By the way, if we want our children to love God and others, we’ve got to expose them to others they don’t even like. Mission trips and going to places in our own community—that people look and act differently than us—we keep our kids away from that. No, we need to do it. Ann went down to Detroit and picked up a drunk lady one day. I mean, there are so many stories.
I remember taking our kids on mission trips. They’d come back, and they are like, “Nobody in the world lives like us.” I’m like, “Thank you. You’ve finally realized not everybody even has a glass of water a day.” Things like that—expose your kids to help them, hopefully—again, there are no guarantees.
Dave: This doesn’t mean, “Oh, if we do this little thing,” “If we get Dave and Ann’s book, it’s a…”—no, basically, the biggest thing I would say is get on your knees, and pray and pray.
Ann: And that is how I was going to end. I think one of the greatest things that Dave has done—as a man, and as a father, and as a husband—is he has taken every single Friday and fasted for our kids, starting at/when CJ was born. For 35 years, every Friday, he has fasted for our kids, their wives, our grandkids, our marriage.
Sometimes, you do that; and you think, “Does God hear? Does this work?” I look at our lives. We have messed up so much; but the thing that we have seen is God’s faithfulness in the midst of even the hard stuff [Emotion in voice] I think so much of that has been our pleas and our cries to God—of being on our knees before Him—saying, “God, we can’t do it apart from You, and we don’t want to do it apart from You because You are our source of life; You are our source of strength; and You are our hope.”
Our kids can’t do it apart from Him either. We’re living in a culture that, without God, it’s scary. We can impact our culture through our own lives/through our walk with God by the light and the love that Jesus gives and the power that lives within us through His Spirit.
Dave: As you can imagine, we’ve had really difficult, hard conversations with our adult kids about how we raised them. You know all of this stuff sounds great; and then, when you are a Wilson boy, and you’re raised in a home with this, there are some things we really missed/I really missed and made some big mistakes.
In fact, the last chapter of the book is my top five parenting mistakes, hoping that parents will read it and not do what I did. I’ve had hard conversations with my sons about where I blew it and let them down.
I’m not sitting here, acting like—we are nowhere near perfect—and our kids aren’t; our family isn’t.
Ann: We would also say: “It’s never too late.”
Ann: It’s never too late to begin saying to our kids: “Guys, I messed up,” or “I have been messing up,” or “I haven’t seen you; I’ve been on my phone”—whatever—“I need to start again. Can you forgive me?” Those are great words to say.
Dave: You know, the rest of that mission statement was basically this: “Train and launch L3 warriors”—all we’re going to say is: you’re in a/we’re in a spiritual battle. There is a war going on for our kids—it’s not physical; it’s spiritual—and that’s why I was on my knees; and we’re on our knees still—“who make a dent where they are sent.” That was just this simple thought: “Your legacy”—and we’re all leaving a legacy—single; parents—we’re all leaving a legacy; the question is: “What kind of legacy?” and “Are we being intentional about that legacy?” That’s where they can make a dent—wherever God takes them; wherever God sends them—they are going to make an impact.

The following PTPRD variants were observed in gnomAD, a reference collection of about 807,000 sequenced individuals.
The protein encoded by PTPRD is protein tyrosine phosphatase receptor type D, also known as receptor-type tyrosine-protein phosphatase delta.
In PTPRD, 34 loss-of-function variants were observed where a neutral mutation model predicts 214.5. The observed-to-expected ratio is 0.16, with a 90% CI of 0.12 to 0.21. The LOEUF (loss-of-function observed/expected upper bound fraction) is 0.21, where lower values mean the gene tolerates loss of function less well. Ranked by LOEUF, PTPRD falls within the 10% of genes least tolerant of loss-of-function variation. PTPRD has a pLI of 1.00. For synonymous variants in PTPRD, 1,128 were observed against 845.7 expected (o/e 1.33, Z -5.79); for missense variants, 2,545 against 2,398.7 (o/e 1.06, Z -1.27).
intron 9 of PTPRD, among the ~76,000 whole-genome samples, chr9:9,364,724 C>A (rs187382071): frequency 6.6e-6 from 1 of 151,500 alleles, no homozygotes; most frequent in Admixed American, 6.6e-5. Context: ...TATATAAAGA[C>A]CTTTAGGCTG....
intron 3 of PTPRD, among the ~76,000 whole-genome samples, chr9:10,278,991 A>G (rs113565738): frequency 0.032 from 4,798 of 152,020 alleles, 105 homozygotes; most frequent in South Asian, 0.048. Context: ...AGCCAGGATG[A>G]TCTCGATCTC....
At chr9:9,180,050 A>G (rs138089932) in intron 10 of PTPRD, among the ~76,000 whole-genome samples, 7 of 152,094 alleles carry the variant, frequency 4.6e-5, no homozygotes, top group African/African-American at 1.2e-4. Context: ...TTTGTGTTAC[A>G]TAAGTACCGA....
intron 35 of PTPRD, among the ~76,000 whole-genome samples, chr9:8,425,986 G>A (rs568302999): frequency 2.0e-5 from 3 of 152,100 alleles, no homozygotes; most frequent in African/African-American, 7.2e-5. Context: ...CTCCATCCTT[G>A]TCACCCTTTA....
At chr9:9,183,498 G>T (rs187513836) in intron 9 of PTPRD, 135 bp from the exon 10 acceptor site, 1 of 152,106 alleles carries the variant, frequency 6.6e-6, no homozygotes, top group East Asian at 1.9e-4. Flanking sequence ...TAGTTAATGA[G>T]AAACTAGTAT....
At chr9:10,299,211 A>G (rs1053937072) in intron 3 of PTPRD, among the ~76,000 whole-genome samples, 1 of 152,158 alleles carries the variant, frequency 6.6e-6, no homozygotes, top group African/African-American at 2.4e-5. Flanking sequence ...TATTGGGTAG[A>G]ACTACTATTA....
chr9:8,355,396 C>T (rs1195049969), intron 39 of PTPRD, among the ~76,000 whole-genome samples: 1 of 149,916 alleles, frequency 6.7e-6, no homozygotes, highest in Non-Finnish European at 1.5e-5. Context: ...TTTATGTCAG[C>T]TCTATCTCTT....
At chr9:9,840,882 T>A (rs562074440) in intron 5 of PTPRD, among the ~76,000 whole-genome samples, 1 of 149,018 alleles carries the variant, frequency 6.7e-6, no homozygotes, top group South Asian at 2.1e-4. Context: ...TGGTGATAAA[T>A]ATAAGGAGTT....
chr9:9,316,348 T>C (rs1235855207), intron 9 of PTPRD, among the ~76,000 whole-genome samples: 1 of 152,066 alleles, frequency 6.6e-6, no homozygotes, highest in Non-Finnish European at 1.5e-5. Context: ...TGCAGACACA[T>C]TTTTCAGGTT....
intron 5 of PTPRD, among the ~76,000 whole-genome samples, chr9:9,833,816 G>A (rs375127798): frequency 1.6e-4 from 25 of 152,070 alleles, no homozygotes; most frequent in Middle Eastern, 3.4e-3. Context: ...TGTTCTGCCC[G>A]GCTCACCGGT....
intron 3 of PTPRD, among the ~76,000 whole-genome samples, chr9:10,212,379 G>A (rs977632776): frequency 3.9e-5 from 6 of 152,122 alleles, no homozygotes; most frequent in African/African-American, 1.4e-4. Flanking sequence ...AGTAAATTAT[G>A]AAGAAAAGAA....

Some of you might remember this—I’ll close with this—I was talking to a woman, years ago, about her legacy. She was pretty excited to tell me about getting married in the ‘40s and having what she called “four Jacks and a Queen,” which meant four sons and a daughter. Her husband was an airline pilot. They built this big home/a mansion in New York—New Jersey that looked into the city of New York—as he flew out of New York.
She is telling me this great story; and then she said, “At about year 25, it all ended.” I’m like, “What do you mean?” She goes, “I started to suspect that my husband, now a captain with the airlines, was having an affair.” This was back in the late ‘50s/early ‘60s—so there is no way, like, surveillance cameras—she just made a phone call to the hotel, where Captain Ralph often laid over on his trips to find out if she could find out if he was actually having an affair. The woman who answered the phone/the hotel receptionist said, “Yes, Captain Ralph has just checked in. He just went to his room with his wife,”—not knowing she was talking to his wife.
When he came home, this woman, Janice, confronted him, only to find out that this was one of many affairs. They ended up divorced in the early ‘60s when divorce was not that common. They moved to where her parents lived; because now, she is a single mom with a seven-year-old boy and a five-and-a-half-year-old boy. Then she tells me that several months after the move, they find out that the youngest boy has leukemia; and he dies.